If you’ve wondered how page views may vary in response to website changes, you’ve come to the right place. Setting up your website around a GitHub repo (see options: Netlify + Hugo, and GitHub Pages + Jekyll) is a great way to ensure that this is a smooth process. The beauty of relying on GitHub to store your site is that you are creating an effortless log of site changes as you go, without having to devote attention to this as a separate process.
This is the homepage and blog of Dr Caterina Constantinescu, Principal Data Consultant @ GlobalLogic.
For this post, I’ve managed to find some extremely interesting historical event data offered by the Cline Center on this page. As you will see, this dataset can be quite challenging because of the sheer number of dimensions you could look at. With so many options, it becomes tricky to create visualisations with the ‘right’ level of granularity: not so high-level that any interesting patterns are obscured, but not too detailed and overcrowded either.
Following my previous post on how to use R remotely, I thought I’d follow up with a slightly more in-depth description for how to use R via vim, and with tmux. This discussion will focus on how to get things working on Linux (Ubuntu) - which is what I am using. After installing all three of these: Vim (version >= 8.0) tmux Nvim-R we can proceed to do the following in a Terminal:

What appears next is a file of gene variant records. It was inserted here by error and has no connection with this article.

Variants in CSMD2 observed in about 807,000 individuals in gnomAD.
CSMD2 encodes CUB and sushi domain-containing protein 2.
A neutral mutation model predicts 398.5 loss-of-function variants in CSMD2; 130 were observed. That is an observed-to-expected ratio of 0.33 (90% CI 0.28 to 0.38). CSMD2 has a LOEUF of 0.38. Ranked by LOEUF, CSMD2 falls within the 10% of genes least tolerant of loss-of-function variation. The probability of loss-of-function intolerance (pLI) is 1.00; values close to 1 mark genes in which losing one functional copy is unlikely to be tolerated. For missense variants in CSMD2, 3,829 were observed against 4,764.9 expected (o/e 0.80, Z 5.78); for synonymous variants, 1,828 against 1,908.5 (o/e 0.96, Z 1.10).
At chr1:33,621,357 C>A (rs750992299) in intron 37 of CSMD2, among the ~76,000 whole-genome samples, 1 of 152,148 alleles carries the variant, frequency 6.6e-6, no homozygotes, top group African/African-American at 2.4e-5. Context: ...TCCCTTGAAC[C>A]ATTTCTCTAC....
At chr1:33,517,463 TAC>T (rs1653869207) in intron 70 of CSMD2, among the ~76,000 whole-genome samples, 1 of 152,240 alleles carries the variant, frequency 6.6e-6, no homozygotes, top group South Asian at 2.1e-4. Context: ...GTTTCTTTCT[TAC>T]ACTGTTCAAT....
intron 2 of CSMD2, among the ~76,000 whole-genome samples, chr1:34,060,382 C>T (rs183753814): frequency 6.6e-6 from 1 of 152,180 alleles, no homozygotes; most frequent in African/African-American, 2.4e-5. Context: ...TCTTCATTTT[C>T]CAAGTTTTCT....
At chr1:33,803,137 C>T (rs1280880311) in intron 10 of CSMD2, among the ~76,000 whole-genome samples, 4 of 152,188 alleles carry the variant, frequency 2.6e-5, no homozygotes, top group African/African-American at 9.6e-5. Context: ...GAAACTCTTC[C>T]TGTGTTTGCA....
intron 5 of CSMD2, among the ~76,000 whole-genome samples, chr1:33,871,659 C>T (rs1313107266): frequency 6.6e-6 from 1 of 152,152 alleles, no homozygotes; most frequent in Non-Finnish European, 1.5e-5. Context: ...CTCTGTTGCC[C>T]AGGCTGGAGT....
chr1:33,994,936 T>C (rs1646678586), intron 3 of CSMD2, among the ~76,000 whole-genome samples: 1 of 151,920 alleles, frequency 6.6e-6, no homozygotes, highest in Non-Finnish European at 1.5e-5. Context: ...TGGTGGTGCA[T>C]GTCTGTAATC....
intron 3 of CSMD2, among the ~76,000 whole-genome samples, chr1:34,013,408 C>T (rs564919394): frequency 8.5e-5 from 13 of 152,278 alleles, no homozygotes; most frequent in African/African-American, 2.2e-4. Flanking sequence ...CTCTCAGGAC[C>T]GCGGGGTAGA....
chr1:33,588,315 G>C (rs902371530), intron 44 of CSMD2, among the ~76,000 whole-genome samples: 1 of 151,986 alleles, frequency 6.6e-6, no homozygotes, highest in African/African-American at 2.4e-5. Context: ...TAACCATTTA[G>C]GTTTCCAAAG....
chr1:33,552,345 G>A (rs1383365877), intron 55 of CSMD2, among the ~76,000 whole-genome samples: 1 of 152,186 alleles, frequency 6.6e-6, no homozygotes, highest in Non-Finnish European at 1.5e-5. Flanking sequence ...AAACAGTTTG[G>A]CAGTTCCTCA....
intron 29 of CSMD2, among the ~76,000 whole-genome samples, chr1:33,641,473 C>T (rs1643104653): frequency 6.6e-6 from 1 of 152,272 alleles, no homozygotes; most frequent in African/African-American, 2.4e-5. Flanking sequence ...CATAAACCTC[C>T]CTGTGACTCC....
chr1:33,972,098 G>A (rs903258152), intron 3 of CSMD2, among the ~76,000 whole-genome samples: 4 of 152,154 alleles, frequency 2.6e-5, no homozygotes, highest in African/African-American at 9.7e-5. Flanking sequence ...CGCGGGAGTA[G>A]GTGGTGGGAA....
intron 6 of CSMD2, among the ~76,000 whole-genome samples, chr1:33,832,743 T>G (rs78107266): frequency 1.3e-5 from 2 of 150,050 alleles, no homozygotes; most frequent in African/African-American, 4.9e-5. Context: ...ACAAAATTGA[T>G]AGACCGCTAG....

Why would you need to do this? Say, for instance, you are dealing with sensitive data that should not leave a specific system, or quite simply that you are away on a work retreat - but your laptop is far less powerful than your work desktop computer which you left behind - so you want to keep using it from a distance. For such reasons, I’ve been looking into what options are available to log in remotely to a machine and run R there for some analysis.
The 80/20 split Since project deadlines tend to be more or less fixed, the extent to which a dataset follows a set of commonly expected guidelines will often determine how much time you have left to spend thinking about your analysis. To use the split that everyone conventionally mentions, you would hope to spend a modest 20% of your time cleaning the data for a project, and 80% planning and carrying out your actual analysis.
I’ve recently come across data.gov — a huge resource for open data. At the time of writing, there are close to 17,000 freely available datasets stored there, including this one offered by the LAPD. Interestingly, this dataset includes almost 1.6M records of criminal activity occurring in LA since 2010 — all of them described according to a variety of measures (you can read about them here). Using information like the date and time of a crime, its location (longitude & latitude), and the type of crime committed (among other things), you can come up with some pretty interesting visualizations.